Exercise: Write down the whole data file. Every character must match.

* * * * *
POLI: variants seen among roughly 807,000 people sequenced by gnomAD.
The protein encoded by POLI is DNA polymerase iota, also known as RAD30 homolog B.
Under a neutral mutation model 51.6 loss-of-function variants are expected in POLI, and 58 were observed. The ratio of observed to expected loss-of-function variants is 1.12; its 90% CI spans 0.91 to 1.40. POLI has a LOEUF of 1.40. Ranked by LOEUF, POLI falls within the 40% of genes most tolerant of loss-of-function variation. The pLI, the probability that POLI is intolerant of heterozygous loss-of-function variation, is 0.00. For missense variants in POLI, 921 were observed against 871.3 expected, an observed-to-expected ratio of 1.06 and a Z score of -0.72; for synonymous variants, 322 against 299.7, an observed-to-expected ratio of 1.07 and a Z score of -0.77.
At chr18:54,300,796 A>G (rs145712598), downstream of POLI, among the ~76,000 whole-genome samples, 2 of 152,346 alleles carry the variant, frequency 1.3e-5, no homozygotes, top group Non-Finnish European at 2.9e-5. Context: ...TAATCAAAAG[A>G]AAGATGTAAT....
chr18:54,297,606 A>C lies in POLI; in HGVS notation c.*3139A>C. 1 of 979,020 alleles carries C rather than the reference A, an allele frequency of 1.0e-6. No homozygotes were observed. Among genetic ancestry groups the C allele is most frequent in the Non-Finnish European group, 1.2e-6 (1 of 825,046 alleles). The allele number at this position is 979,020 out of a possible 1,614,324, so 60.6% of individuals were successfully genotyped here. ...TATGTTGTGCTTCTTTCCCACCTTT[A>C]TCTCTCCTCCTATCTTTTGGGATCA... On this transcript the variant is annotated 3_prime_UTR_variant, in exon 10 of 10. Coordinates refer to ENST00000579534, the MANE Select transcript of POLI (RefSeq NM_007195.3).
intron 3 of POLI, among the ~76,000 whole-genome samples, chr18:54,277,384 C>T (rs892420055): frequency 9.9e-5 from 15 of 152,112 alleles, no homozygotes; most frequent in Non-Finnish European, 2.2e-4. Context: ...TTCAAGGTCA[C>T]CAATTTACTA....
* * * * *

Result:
POLI: variants seen among roughly 807,000 people sequenced by gnomAD.
The protein encoded by POLI is DNA polymerase iota, also known as RAD30 homolog B.
Under a neutral mutation model 51.6 loss-of-function variants are expected in POLI, and 58 were observed. The ratio of observed to expected loss-of-function variants is 1.12; its 90% CI spans 0.91 to 1.40. POLI has a LOEUF of 1.40. Ranked by LOEUF, POLI falls within the 40% of genes most tolerant of loss-of-function variation. The pLI, the probability that POLI is intolerant of heterozygous loss-of-function variation, is 0.00. For missense variants in POLI, 921 were observed against 871.3 expected, an observed-to-expected ratio of 1.06 and a Z score of -0.72; for synonymous variants, 322 against 299.7, an observed-to-expected ratio of 1.07 and a Z score of -0.77.
At chr18:54,300,796 A>G (rs145712598), downstream of POLI, among the ~76,000 whole-genome samples, 2 of 152,346 alleles carry the variant, frequency 1.3e-5, no homozygotes, top group Non-Finnish European at 2.9e-5. Context: ...TAATCAAAAG[A>G]AAGATGTAAT....
chr18:54,297,606 A>C lies in POLI; in HGVS notation c.*3139A>C. 1 of 979,020 alleles carries C rather than the reference A, an allele frequency of 1.0e-6. No homozygotes were observed. Among genetic ancestry groups the C allele is most frequent in the Non-Finnish European group, 1.2e-6 (1 of 825,046 alleles). The allele number at this position is 979,020 out of a possible 1,614,324, so 60.6% of individuals were successfully genotyped here. ...TATGTTGTGCTTCTTTCCCACCTTT[A>C]TCTCTCCTCCTATCTTTTGGGATCA... On this transcript the variant is annotated 3_prime_UTR_variant, in exon 10 of 10. Coordinates refer to ENST00000579534, the MANE Select transcript of POLI (RefSeq NM_007195.3).
intron 3 of POLI, among the ~76,000 whole-genome samples, chr18:54,277,384 C>T (rs892420055): frequency 9.9e-5 from 15 of 152,112 alleles, no homozygotes; most frequent in Non-Finnish European, 2.2e-4. Context: ...TTCAAGGTCA[C>T]CAATTTACTA....